Financial Services Industry: What Lies Ahead

With the vote of Brexit completed and the initial reactions consid­ered, two consistent themes have emerged that will impact compa­nies and economies globally: “uncertainty” and “volatility”.

These two factors directly impact value, especially in the financial services industry.

Just as the markets have been driven up and down since the vote, the next two years will likely be marred with uncertainty and volatility, not only by Britain and the EU, but in the economies of countries around the world. Treaties, trade negotiations, passporting, immigra­tion, relocation and nationalism could take on new meaning for Britain and the Europe Union, the effects of which may ripple out to other nations. All of these changes have the potential to create severe shifts in economies, businesses, strategy, opportunities and value.

Immediate Observations Impacting Financial Institutions We have seen decisions to delay an increase in interest rates, or to maintain status quo interest rates, by many of the global central banks for the near-term and potentially intermediate-term. This increases pressure on the banking industry which was expecting future increases in interest rates (spreads) which could have resulted in higher profits and potentially higher returns to their shareholders (i.e., dividends and capital appreciation), while maintaining or increasing their regulatory capital levels. This will likely result in lower stock prices and market multiples for these institutions, creating potential goodwill impairment and going concern issues not seen since the 2008 Financial Crisis. Goodwill and other intangible assets will need to be examined and tested by banks, as appropriate, under current and proposed accounting guidance as well as regulatory stress testing scenarios.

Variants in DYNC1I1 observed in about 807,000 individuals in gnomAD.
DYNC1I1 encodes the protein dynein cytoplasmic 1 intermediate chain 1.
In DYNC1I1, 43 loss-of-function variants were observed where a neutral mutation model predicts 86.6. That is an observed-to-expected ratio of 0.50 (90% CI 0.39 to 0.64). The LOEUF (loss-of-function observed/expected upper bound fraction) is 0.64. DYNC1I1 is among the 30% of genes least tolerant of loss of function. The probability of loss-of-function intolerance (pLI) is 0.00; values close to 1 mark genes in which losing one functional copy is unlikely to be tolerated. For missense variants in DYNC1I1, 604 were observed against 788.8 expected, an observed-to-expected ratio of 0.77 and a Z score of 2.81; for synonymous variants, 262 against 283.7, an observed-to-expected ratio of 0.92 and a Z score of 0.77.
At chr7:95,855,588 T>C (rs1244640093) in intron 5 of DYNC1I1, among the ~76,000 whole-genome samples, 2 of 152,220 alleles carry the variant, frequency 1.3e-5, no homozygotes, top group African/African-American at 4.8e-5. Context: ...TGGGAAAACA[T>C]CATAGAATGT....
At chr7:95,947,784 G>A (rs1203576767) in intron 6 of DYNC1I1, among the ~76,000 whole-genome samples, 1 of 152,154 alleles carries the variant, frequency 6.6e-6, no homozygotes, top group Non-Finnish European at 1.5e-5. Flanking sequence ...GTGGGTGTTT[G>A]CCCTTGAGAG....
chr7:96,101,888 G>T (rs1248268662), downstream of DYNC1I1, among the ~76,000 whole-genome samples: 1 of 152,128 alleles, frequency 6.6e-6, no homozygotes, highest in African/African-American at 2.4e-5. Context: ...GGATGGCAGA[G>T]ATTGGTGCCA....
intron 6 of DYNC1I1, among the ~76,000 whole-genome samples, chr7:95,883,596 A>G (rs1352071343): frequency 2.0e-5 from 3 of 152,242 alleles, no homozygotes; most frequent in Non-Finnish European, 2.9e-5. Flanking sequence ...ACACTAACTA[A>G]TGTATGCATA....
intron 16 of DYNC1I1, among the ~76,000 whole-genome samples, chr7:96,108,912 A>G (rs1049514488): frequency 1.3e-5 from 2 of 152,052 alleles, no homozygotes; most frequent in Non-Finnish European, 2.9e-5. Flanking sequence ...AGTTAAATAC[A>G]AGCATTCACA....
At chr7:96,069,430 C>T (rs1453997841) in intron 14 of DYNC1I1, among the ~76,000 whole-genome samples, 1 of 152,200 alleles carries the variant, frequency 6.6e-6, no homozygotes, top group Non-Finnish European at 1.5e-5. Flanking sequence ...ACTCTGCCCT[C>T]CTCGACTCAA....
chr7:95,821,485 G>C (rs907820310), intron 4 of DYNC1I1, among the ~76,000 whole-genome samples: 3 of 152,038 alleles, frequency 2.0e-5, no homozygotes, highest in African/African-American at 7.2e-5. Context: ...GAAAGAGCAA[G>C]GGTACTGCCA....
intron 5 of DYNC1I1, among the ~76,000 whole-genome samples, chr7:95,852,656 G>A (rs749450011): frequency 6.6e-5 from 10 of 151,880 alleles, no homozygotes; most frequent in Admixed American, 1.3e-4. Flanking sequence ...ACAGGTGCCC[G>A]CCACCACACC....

Trade negotiations between countries will likely take significant time, contributing to uncertainty as to business decisions and the ability to repay loans in the future. Further, decisions surrounding employment and licensing through the shifting of headquarters and primary operations (employees and intellectual property) from London to another base in the EU, as well as the impact of immigration policy, could result in a movement of employees in the UK to other EU countries. The potential result in economic changes, including higher unemployment rates, reduction of business, lower taxes and higher vacancy rates, could mean a higher probability of a recession and higher default rates on loans to be experienced primarily by the global banks. Therefore, banks should be prepared to re-examine the valuations of their loan portfolios for financial reporting purposes, which should be consistent under various stress testing scenarios performed for regulatory reporting.